I'm playing the iPhone/Steam game Hero Academy. It's a bit like Chess, except there's some randomness, and at the beginning of a game players choose what team they'll use, each with different strengths and weaknesses. Both players can pick the same team.

About 400 of us play in an unofficial league, where we record our games online for Elo rankings. I'm not sure how many are active players, though.

I have the win/loss record for every matchup between the four teams. Draws are very rare. The rarest matchup has 143 games; the most-common matchup has 260. There are 3,234 games in the database.

What is the appropriate test for determining whether the teams are of equal strength?

Let's assume that rock-paper-scissors imbalances are undesirable. That is, if Team A beats Team B which beats Team C which beats Team A, we have an imbalanced game. Every matchup should be fair.

A complication is that many players have preferred teams, so that if Team A is very popular among top players, it'll appear stronger. I suspect we'll have to ignore this effect for now.

Another complication is that there's a slight advantage to going first, despite our efforts to ameliorate this with a handicap. Let's ignore this effect as well.

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    $\begingroup$ Do most players always play with the same team or is there a (considerable) amount of variation in the team selection even for a single ("prototypical") participant? $\endgroup$
    – cardinal
    Aug 28, 2012 at 19:06
  • $\begingroup$ When you define imbalance are you speaking about individual games or head-to-head win-loss records? If it is individual games it should be expected to happen occasionally. What does detect imbalance mean? Isn't imbalance something you can simply observe from the database? $\endgroup$ Aug 28, 2012 at 19:06
  • $\begingroup$ @Michael I mean statistically significant imbalance at, say, 95% confidence. Just because a Team A wins 70 of 150 matches against Team B doesn't necessarily mean we know Team A is disfavored in the matchup -- it could be chance, especially if we only noticed that imbalance when looking at one of the twelve matchups. $\endgroup$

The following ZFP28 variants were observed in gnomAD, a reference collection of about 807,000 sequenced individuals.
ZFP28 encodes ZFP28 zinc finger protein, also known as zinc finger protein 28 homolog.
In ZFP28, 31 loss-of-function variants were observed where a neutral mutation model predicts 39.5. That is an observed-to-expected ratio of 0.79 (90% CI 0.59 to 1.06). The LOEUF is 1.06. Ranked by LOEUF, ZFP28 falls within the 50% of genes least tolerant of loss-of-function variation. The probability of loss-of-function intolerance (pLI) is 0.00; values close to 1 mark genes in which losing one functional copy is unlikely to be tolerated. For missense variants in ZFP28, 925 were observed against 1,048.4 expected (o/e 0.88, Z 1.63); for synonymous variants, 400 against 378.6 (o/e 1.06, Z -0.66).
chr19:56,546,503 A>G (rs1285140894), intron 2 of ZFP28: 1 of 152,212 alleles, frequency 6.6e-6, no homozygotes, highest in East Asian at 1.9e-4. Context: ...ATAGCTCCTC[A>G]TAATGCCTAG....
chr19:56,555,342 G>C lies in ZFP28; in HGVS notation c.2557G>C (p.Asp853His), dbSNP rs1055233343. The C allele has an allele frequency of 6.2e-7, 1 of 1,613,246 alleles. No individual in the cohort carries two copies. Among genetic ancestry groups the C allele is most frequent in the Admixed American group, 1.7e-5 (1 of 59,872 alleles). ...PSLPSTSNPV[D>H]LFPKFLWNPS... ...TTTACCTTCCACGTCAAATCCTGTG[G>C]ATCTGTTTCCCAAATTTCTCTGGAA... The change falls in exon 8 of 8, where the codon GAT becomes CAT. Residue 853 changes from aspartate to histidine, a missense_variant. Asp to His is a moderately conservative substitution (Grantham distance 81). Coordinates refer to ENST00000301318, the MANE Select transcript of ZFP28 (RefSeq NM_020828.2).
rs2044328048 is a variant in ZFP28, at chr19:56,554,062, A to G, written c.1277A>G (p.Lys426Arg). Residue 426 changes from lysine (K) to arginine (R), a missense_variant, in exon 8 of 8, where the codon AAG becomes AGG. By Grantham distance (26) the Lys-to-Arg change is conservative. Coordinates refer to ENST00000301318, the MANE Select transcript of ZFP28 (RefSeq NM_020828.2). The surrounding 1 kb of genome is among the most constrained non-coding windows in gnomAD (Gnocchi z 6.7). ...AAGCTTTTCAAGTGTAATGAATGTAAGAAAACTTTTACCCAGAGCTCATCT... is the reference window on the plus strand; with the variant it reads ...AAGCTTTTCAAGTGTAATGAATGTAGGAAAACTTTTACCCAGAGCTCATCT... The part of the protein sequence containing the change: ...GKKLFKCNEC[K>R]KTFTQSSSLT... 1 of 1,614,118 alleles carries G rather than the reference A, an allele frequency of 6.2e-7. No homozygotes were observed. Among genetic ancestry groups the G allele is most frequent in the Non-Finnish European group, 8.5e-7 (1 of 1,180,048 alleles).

– warbaker
    Aug 28, 2012 at 20:01
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    $\begingroup$ @cardinal Some players play only one team, others play a couple, and some use a randomizer built into the game. I'm not sure of the ratios. $\endgroup$
    – warbaker
    Aug 28, 2012 at 20:03
  • $\begingroup$ I don't see how it is relevant that intransitive imbalances are "undesirable." They exist in many games, and you should use a test which doesn't ignore the possibility. $\endgroup$ Aug 28, 2012 at 20:52

1 Answer 1


I think it's a bad idea to ignore the strengths of the players, but it may be hard to completely separate the possible flaws in the rating system from the possible advantages of one option versus another.

You could try the following test for each pair of options A and B. Your null hypothesis is that the rating formula is accurate and that the games are independent. Compute the number of wins predicted by the rating formula for option A, and compare this with the observed number of wins. If the rating formula predicts that the player using option A will win with probability $p$, add $p$ to the total expected wins, and add $(p(1-p))$ to the total variance according to the null hypothesis. If the games are not overwhelmingly lopsided, then you should be able to use a normal approximation since you have over $100$ data points for each match-up. Determine how extreme the observed result was in terms of standard deviations away from the predicted mean.

Since you would apply this test for each possible match-up, you would expect more false positives if you use a typical significance threshold for a single test. So, instead of asking for the results to be significant at the $0.05$ level on at least one of $6$ tests, you might want to require $0.05/6 \approx 0.008$ or about $2 \frac23$ standard deviations from the mean in either direction in order to reject the null hypothesis.

If you reject the null hypothesis, it doesn't necessarily mean that team A has an advantage over team B. It could also be that the ratings formula fails, which might happen for lopsided matches. If you have enough data you can try to compare players of similar ratings, where you can expect the ratings formula to be more accurate.

  • $\begingroup$ By the way, in case it wasn't obvious, instead of using the ratings of the players at the time, or at the end, it's best to update the ratings to approximate the best fit to all data. If there are no undefeated players and no players who have never won, you can do this iteratively with a few passes through the data, although it is more accurate to do some sort of Bayesian update from some prior distribution. $\endgroup$ Aug 31, 2012 at 20:33

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